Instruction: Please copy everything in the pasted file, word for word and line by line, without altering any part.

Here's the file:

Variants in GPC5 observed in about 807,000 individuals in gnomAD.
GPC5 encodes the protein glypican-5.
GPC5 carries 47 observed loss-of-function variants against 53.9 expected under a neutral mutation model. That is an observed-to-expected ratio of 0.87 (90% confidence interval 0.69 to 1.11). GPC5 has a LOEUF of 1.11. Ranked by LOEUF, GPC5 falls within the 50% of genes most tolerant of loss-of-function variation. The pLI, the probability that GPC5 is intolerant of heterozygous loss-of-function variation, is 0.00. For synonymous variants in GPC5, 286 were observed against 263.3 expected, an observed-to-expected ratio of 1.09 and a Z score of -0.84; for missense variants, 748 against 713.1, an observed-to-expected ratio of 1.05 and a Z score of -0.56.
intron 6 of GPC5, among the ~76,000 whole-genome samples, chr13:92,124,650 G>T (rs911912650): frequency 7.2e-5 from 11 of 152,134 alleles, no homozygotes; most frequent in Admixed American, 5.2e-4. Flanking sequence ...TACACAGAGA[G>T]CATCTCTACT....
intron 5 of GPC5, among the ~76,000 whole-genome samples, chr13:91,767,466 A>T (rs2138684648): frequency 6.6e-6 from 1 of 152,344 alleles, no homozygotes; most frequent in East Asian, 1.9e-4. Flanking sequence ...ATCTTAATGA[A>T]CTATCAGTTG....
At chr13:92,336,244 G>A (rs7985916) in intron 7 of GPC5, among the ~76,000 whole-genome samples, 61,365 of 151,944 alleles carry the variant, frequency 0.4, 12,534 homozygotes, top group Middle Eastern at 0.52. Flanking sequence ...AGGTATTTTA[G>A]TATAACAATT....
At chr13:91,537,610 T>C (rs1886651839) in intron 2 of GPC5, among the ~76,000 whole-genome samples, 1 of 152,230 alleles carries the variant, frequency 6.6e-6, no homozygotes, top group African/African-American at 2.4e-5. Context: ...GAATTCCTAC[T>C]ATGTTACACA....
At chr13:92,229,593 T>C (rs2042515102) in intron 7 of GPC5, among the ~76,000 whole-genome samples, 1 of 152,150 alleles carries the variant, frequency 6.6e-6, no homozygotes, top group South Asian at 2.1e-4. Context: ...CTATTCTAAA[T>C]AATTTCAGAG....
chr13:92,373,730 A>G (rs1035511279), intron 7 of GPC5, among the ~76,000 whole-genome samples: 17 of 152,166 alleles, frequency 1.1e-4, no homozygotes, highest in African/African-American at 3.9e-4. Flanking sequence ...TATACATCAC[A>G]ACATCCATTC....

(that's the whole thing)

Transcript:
Variants in GPC5 observed in about 807,000 individuals in gnomAD.
GPC5 encodes the protein glypican-5.
GPC5 carries 47 observed loss-of-function variants against 53.9 expected under a neutral mutation model. That is an observed-to-expected ratio of 0.87 (90% confidence interval 0.69 to 1.11). GPC5 has a LOEUF of 1.11. Ranked by LOEUF, GPC5 falls within the 50% of genes most tolerant of loss-of-function variation. The pLI, the probability that GPC5 is intolerant of heterozygous loss-of-function variation, is 0.00. For synonymous variants in GPC5, 286 were observed against 263.3 expected, an observed-to-expected ratio of 1.09 and a Z score of -0.84; for missense variants, 748 against 713.1, an observed-to-expected ratio of 1.05 and a Z score of -0.56.
intron 6 of GPC5, among the ~76,000 whole-genome samples, chr13:92,124,650 G>T (rs911912650): frequency 7.2e-5 from 11 of 152,134 alleles, no homozygotes; most frequent in Admixed American, 5.2e-4. Flanking sequence ...TACACAGAGA[G>T]CATCTCTACT....
intron 5 of GPC5, among the ~76,000 whole-genome samples, chr13:91,767,466 A>T (rs2138684648): frequency 6.6e-6 from 1 of 152,344 alleles, no homozygotes; most frequent in East Asian, 1.9e-4. Flanking sequence ...ATCTTAATGA[A>T]CTATCAGTTG....
At chr13:92,336,244 G>A (rs7985916) in intron 7 of GPC5, among the ~76,000 whole-genome samples, 61,365 of 151,944 alleles carry the variant, frequency 0.4, 12,534 homozygotes, top group Middle Eastern at 0.52. Flanking sequence ...AGGTATTTTA[G>A]TATAACAATT....
At chr13:91,537,610 T>C (rs1886651839) in intron 2 of GPC5, among the ~76,000 whole-genome samples, 1 of 152,230 alleles carries the variant, frequency 6.6e-6, no homozygotes, top group African/African-American at 2.4e-5. Context: ...GAATTCCTAC[T>C]ATGTTACACA....
At chr13:92,229,593 T>C (rs2042515102) in intron 7 of GPC5, among the ~76,000 whole-genome samples, 1 of 152,150 alleles carries the variant, frequency 6.6e-6, no homozygotes, top group South Asian at 2.1e-4. Context: ...CTATTCTAAA[T>C]AATTTCAGAG....
chr13:92,373,730 A>G (rs1035511279), intron 7 of GPC5, among the ~76,000 whole-genome samples: 17 of 152,166 alleles, frequency 1.1e-4, no homozygotes, highest in African/African-American at 3.9e-4. Flanking sequence ...TATACATCAC[A>G]ACATCCATTC....